Pea Soup, Pea Salad and Other Ways to Use Peas and Shoots

by Sherri Brooks Vinton

Published: 6/21/19, Last updated: 1/25/21

Additional reporting and updates by Katherine Sacks

Peas are sweet and spunky, and you can eat every part of the plant, tasting that essential pea flavor in everything from the sprouts to the flowers. Whole plant harvesting is also good news for farmers, who can bring the shoots, tendrils and fully-grown pea pods to market to make the most from their crop. You can make like a farmer and take advantage of all of the parts of the pea plant, too. Here’s how to do it:

Shopping for Pea Sprouts, Tendrils and Peas in the Pod

The first stage of the pea’s growth cycle is the sprout; after soaking the seeds for two to three days, short roots will “sprout.” Pea sprouts are grown year-round, often in greenhouses, which means you can enjoy the bright crunch of pea flavor year-round. It’s easy to sprout dried peas at home; when shopping for sprouted peas look for vivid green color and smooth leaves.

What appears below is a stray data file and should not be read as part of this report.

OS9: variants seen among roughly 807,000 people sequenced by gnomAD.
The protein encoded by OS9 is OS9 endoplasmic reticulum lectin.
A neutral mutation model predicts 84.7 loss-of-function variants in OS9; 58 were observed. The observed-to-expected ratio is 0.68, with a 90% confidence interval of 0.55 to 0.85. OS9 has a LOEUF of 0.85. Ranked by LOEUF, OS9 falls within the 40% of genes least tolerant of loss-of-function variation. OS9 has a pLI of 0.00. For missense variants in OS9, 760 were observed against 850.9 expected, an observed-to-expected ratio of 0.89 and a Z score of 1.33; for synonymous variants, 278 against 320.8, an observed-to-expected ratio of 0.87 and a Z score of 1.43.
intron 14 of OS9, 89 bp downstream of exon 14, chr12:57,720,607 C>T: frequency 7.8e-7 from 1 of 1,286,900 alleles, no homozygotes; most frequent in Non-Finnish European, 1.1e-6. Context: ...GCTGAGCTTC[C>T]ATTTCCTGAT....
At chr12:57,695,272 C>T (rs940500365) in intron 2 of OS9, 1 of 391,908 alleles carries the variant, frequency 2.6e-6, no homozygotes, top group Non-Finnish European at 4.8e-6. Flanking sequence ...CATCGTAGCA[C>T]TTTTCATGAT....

After two to four weeks (mid Spring in most areas), the pea’s leaves and their curly tendrils are harvested. You’ll most likely see pea tendrils at farmers’ markets, Chinese markets or specialty grocers; look for bright green, lush leaves and pass on wilted greens. If you plan to eat them raw, choose younger tendrils (or harvest them young and tender). Older, more mature tendrils will have thicker stems and larger leaves and are better suited for sautéing or braising.

(JSYK: the term pea “shoot” is confusingly often used for both sprouts and tendrils. However, sprouts are much younger and smaller, while tendrils and longer and more flowery. Occasionally, you’ll see an option in between this size, sold as shoots.)

Depending on your location, peas in the pod (also called English peas or garden peas), snow peas and sugar snap peas will show up at markets in May. The pods should be firm, vibrant green and free of any brown or wilted spots. Choose medium-size pods over large, thick-skinned ones.

Be aware that both frozen peas and snap peas rank high on the Environmental Working Group’s Guide to Pesticides in Produce because most conventionally farmed peas are grown with a large amount of pesticides. Purchasing fresh peas in the pod, sugar snap peas or snow peas from a local farmer who can explain their growing practices is your best bet if pesticides are a concern.